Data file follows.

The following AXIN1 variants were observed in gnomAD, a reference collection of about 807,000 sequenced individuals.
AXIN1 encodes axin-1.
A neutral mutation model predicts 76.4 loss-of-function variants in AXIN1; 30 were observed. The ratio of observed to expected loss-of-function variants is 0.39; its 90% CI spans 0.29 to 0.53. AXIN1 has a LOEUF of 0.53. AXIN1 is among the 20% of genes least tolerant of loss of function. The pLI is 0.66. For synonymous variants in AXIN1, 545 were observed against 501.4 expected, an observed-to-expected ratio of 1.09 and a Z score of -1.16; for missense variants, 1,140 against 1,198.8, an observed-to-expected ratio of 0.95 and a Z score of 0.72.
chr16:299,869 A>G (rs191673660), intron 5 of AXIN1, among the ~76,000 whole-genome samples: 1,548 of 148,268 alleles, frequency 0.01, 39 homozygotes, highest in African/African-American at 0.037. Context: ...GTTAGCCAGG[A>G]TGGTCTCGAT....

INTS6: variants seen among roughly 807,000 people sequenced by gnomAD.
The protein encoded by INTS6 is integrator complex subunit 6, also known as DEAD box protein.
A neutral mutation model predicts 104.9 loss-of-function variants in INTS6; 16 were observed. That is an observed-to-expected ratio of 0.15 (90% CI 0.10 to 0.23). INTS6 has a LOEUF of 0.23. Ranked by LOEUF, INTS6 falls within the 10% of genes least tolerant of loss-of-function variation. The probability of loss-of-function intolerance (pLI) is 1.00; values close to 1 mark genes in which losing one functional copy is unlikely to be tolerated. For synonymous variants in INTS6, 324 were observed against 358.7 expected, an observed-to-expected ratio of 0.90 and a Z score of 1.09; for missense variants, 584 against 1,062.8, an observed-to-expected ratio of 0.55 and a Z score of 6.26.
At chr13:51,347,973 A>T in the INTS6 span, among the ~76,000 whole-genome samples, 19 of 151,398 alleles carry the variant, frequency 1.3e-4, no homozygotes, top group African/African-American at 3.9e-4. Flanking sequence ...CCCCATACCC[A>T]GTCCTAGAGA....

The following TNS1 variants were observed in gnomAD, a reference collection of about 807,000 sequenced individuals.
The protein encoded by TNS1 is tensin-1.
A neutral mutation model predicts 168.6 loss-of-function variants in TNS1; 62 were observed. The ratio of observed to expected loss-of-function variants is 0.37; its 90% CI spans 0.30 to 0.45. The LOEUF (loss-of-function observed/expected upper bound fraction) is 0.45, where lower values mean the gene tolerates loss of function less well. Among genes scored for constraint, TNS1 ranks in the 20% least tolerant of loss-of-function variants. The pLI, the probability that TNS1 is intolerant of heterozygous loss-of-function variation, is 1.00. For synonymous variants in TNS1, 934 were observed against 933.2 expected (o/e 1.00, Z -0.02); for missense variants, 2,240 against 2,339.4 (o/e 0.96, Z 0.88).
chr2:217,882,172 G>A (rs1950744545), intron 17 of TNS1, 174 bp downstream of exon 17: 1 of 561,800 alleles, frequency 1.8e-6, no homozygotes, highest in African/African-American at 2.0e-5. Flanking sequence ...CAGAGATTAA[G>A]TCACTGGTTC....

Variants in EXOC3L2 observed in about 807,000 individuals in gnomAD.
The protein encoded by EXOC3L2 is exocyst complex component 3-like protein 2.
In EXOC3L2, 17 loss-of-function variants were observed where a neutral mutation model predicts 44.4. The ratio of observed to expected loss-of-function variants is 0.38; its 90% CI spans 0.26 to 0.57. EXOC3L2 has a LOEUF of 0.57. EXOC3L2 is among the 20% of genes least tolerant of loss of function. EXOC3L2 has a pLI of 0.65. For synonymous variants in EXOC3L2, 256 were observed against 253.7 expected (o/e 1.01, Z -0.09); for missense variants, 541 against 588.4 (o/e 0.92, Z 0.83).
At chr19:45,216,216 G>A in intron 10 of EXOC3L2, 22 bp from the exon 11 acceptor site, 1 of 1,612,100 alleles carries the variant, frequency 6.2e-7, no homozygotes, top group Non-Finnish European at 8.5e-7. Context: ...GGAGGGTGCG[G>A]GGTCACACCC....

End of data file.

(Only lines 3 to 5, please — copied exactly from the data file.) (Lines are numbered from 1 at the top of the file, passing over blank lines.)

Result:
A neutral mutation model predicts 76.4 loss-of-function variants in AXIN1; 30 were observed. The ratio of observed to expected loss-of-function variants is 0.39; its 90% CI spans 0.29 to 0.53. AXIN1 has a LOEUF of 0.53. AXIN1 is among the 20% of genes least tolerant of loss of function. The pLI is 0.66. For synonymous variants in AXIN1, 545 were observed against 501.4 expected, an observed-to-expected ratio of 1.09 and a Z score of -1.16; for missense variants, 1,140 against 1,198.8, an observed-to-expected ratio of 0.95 and a Z score of 0.72.
chr16:299,869 A>G (rs191673660), intron 5 of AXIN1, among the ~76,000 whole-genome samples: 1,548 of 148,268 alleles, frequency 0.01, 39 homozygotes, highest in African/African-American at 0.037. Context: ...GTTAGCCAGG[A>G]TGGTCTCGAT....

INTS6: variants seen among roughly 807,000 people sequenced by gnomAD.